There is, however, one way for a civilian to use a handgun effectively for a legitimate purpose, and that is if he was not the one who bought the gun. In Death Wish (1974), Charles Bronson starts killing bad guys after his wife has been murdered and his daughter raped. He does so with a gun that is surreptitiously given to him by a friend. Now, it might be said that Bronson breaks the law, so that would make effective use of the gun acceptable for movie purposes anyway. But since he only uses it in self-defense, the killings are treated as morally justified. In Blood Simple (1984), Frances McDormand is able to kill a private detective in self-defense with the gun her husband gave her. Referring again to Judgment Night, after Jeremy Piven dies, his friends pick up the gun and are able to use it effectively. In Assault on Precinct 13 (1976), the driver of an ice-cream truck owns a gun, and he is killed, along with a young girl. Then the father of the girl picks up the gun and shoots the man who killed her. In Freeway (1996), Reese Witherspoon is given a gun by her boyfriend to hock for money, but she ends up using it to shoot Kiefer Sutherland. In Rebel Without a Cause (1955), Sal Mineo shoots a hoodlum in self-defense with his mother’s handgun. And on and on it goes. It is really amazing how many examples there are of a civilian using a handgun effectively when he did not buy it, and how few are the movies in which a gun is used effectively by the person who bought the gun originally. In fact, there are very few movies in which the civilian who bought the gun even gets a chance to try to use the gun legitimately, let alone do so successfully. Considering the number of civilians who own handguns in real life, this is rather remarkable.
It is clear that those who make movies and the audiences that watch them do not object to competence on the part of civilians’ using guns per se. Rather, the objection seems to be to the type of person who would buy the gun in the first place. In the case of Taxi Driver, there is the classic scene in which De Niro’s character acts tough in front of the mirror after he buys his guns. It is this element of machismo associated with civilians who buy guns that is condemned by the movies. De Niro’s character is able to get away with it because he is in an exempt category, that of the mentally ill. But when this machismo trait is found in normal civilians, it is not to be endured. By separating the purchase of a gun from its use, the taint of machismo is eliminated.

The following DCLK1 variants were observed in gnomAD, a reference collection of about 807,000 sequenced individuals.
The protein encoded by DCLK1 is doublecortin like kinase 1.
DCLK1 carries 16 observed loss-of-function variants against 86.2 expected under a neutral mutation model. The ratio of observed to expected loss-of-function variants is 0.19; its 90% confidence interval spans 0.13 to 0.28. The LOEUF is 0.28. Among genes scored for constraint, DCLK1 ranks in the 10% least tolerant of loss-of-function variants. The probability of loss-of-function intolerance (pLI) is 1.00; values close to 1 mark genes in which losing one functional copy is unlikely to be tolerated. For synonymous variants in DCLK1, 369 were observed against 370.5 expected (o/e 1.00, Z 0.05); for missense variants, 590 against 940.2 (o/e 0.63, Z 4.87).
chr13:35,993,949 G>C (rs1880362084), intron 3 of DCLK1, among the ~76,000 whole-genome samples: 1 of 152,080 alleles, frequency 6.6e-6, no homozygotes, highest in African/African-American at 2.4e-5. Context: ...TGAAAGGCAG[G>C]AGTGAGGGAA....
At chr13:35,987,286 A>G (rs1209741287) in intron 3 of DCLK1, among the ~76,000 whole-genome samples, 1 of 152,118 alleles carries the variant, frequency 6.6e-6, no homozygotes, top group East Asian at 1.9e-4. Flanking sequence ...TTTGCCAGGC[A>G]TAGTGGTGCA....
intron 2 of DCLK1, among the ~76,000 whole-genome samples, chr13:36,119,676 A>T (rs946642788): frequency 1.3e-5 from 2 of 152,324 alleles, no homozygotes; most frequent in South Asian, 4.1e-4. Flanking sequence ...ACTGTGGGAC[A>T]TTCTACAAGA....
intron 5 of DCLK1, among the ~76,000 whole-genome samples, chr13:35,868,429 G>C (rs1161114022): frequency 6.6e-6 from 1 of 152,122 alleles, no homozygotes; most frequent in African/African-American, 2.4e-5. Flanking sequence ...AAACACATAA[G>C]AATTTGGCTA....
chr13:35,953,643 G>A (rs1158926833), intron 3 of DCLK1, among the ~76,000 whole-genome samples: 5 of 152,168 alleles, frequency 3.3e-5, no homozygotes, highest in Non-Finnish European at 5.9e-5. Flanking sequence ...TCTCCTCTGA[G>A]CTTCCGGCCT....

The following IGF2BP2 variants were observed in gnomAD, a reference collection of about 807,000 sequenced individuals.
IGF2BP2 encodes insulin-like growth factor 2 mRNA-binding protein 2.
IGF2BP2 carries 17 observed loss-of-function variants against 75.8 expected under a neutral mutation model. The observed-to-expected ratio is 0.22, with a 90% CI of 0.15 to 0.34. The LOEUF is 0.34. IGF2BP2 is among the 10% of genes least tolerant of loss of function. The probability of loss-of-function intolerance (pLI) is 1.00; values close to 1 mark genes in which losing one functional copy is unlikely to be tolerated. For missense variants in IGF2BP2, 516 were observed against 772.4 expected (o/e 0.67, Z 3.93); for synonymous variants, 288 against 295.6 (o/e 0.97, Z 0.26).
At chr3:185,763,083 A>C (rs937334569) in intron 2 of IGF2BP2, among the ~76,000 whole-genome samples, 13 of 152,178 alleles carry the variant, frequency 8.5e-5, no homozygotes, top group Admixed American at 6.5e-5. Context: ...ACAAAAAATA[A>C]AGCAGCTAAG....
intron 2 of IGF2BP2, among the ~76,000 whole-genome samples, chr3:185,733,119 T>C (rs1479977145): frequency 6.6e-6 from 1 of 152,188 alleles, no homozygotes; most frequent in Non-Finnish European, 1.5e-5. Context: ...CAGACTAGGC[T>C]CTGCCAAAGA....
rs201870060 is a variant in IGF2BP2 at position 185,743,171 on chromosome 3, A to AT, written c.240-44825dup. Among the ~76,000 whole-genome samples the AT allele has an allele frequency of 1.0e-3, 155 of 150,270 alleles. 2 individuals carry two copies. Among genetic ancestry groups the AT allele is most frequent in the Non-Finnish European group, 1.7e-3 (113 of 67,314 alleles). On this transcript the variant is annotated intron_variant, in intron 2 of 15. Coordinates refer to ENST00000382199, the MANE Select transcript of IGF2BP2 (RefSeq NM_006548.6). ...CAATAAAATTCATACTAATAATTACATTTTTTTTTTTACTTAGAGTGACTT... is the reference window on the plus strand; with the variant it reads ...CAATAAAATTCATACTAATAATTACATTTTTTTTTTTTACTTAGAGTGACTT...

Needless to say, this is something we mostly associate with men. In the movie Jagged Edge (1985), Glenn Close is about to be murdered by a serial killer when she whips out a revolver and shoots him dead. This is the only movie I can think of where a woman successfully uses a gun in self-defense that she purchased herself (we may infer the purchase from the fact that no one in the movie gave her the gun). Her purchase of the gun is not a problem, however, because the presumed element of machismo on the part of a man who buys a gun is something we are unlikely to attribute to a woman. We give a woman the benefit of the doubt, figuring she is simply worried about her personal safety. Nevertheless, movies mostly prefer not to rely solely on gender to distance the protagonist from machismo, and that is why in two of the movies listed above where a woman uses a gun effectively, in each case someone has given her the gun.
Another way in which the element of machismo can be avoided is by having the man buy the gun in desperate circumstances. In Panic in the Year Zero! (1962), a man buys a handgun only after realizing that nuclear war has broken out, and that he and his family will have to try to survive without the benefits of civilization. Technically, it could be said that he steals the gun and other supplies, making him a criminal, but he promises to pay the owner of the store later, and we believe him. The point is that the machismo factor enters in only if the handgun is bought under normal circumstances, rather than in an emergency.
When one considers all the carnage that has filled the screens since the dawn of the cinema, carnage in which almost everyone gets to take part, it is interesting that there is this one category in which participation is prohibited. The normal, law-abiding, male civilian who uses a handgun effectively for a legitimate purpose, a handgun that he purchased himself under normal circumstances, is nowhere to be found, owing to the sin of machismo that accompanies such a purchase. Given the number of civilians in this country who have purchased handguns, one might have thought there would be a plethora of movies in which such characters use their guns effectively, thereby catering to this demographic. That there is a dearth of such films instead is mute testimony to the strength of this ideological taboo.